“It is clear from the findings of the EWG that surgical fires do happen, and that lack of preventative measures are unacceptable and wholly preventable. Mandatory education and training are fundamental in eliminating the occurrence and risk of surgical fires within the perioperative environment. National standards and guidance are required in support of this mandate.”
The Association continues to push four recommendations made by the EWG to make progress towards the mandatory reporting of surgical fires and near misses, both in the NHS and the independent sector:
- Professional associations to explore the value of a national awareness campaign for healthcare professionals.
- Mandating of surgical perioperative education and training syllabus on surgical fire prevention.
- NHS England to explore how to evolve the procurement process of sanitising products, to reduce surgical fire risk and encourage procurement of proven surgical fire-safe technologies.
- NHS England to explore the development of a standardised patient safety alert system highlights the risks of surgical fires to the health service and sets out clear and effective actions for providers to take on this safety-critical issue.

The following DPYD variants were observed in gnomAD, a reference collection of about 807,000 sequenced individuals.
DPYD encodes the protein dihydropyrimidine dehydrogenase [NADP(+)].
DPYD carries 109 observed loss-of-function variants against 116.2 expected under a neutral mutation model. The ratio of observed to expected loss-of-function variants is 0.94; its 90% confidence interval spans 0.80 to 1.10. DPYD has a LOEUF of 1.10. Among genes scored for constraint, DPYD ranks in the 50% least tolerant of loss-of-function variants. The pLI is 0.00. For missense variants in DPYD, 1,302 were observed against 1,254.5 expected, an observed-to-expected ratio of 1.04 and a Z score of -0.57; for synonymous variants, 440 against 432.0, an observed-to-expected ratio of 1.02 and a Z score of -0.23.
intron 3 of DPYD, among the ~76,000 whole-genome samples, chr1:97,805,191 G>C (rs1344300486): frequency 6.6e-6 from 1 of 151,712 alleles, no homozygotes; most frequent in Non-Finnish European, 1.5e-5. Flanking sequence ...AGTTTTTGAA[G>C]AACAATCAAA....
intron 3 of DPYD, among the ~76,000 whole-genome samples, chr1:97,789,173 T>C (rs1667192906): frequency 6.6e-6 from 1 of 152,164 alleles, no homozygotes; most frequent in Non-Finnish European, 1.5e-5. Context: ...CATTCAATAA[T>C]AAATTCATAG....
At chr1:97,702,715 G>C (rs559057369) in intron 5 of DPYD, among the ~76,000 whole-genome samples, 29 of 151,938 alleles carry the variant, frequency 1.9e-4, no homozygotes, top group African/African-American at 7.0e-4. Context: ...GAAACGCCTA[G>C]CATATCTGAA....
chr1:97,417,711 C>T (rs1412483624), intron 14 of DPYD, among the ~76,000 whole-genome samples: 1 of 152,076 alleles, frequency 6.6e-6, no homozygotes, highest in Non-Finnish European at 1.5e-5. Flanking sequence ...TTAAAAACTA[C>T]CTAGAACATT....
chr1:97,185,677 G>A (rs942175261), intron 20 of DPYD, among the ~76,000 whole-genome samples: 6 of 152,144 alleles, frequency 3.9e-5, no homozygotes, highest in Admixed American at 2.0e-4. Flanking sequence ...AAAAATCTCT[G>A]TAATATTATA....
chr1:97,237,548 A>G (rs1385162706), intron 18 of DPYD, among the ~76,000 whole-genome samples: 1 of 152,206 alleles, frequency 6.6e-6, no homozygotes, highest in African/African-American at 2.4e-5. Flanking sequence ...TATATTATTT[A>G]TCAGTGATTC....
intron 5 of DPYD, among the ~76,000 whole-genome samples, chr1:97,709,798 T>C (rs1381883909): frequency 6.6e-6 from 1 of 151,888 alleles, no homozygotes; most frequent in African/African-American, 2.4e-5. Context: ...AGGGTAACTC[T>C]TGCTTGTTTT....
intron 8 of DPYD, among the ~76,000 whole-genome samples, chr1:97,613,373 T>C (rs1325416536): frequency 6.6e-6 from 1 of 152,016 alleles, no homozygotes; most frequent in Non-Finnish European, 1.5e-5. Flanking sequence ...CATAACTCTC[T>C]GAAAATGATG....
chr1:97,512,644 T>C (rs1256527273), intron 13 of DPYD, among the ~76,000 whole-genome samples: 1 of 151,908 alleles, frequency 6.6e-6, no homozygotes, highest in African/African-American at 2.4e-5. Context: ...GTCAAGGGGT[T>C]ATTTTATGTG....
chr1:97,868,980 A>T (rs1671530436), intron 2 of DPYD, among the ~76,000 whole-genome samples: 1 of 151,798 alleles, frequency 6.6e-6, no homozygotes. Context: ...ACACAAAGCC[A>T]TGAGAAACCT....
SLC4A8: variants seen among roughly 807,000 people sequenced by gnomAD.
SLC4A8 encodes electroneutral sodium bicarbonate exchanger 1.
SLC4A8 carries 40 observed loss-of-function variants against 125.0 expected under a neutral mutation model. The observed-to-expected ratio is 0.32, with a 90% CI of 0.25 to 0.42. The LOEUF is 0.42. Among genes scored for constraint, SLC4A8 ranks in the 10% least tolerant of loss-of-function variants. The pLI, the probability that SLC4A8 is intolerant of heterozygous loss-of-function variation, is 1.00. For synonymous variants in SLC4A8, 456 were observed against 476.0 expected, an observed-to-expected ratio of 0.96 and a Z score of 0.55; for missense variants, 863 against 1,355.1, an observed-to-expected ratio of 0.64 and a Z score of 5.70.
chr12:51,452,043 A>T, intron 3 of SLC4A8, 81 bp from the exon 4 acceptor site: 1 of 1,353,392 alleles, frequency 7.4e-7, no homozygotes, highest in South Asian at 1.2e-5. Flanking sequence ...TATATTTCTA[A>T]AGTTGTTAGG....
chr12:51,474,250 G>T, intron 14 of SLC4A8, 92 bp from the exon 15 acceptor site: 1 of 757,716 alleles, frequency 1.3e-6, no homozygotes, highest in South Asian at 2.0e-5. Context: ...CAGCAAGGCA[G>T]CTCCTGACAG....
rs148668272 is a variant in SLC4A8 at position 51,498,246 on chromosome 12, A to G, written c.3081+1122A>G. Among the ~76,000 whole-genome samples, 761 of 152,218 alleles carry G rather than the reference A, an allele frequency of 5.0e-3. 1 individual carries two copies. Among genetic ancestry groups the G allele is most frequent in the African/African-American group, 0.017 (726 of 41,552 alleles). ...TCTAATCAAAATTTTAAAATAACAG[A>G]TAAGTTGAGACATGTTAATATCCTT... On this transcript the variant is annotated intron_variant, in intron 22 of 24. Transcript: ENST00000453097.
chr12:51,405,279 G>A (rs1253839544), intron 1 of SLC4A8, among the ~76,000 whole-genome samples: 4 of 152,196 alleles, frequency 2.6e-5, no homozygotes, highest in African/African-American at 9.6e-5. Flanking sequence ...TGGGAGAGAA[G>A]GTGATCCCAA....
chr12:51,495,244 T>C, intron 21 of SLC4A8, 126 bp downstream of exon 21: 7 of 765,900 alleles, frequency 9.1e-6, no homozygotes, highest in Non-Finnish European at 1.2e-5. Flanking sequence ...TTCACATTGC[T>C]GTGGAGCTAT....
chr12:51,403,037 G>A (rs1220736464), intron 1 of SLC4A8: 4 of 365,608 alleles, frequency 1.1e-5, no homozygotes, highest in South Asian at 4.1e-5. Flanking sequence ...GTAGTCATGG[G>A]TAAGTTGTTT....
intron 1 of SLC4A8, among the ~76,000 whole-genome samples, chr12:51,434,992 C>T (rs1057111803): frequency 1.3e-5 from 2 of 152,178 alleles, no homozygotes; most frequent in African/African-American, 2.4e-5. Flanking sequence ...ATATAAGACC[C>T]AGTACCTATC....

This statement is the latest call to action from AfPP regarding the prevention of surgical fires. It follows a letter addressed to Maria Caulfield MP in November 2021, ahead of the recent debate.
The charity hopes that the EWG can begin to produce guidelines in 2022 and the UK can move forward with getting surgical fires recognised as Never Events.
Joint letter from Jim Shannon MP and AfPP to Maria Caulfield MP in November 2021
Following your appointment as Minister for Patient Safety and Primary Care, I write to you regarding the serious matter of surgical fires and to request a meeting with you in order to discuss the importance of updating national guidelines to prevent such fires from occurring in hospital theatre settings.
You may be aware that surgical fires can cause life-changing injuries to patients, and significant trauma to the clinical theatre staff involved in such events. NHS Resolution has confirmed that between 2009 to 2019 it was notified of 631 clinical negligence claims related to operating theatre fires, yet there is a significant discrepancy in the number of incidents recorded at the Trust level and those recorded at the national level. In fact, almost half of respondents to a survey of perioperative staff confirmed they had witnessed a surgical fire in their career.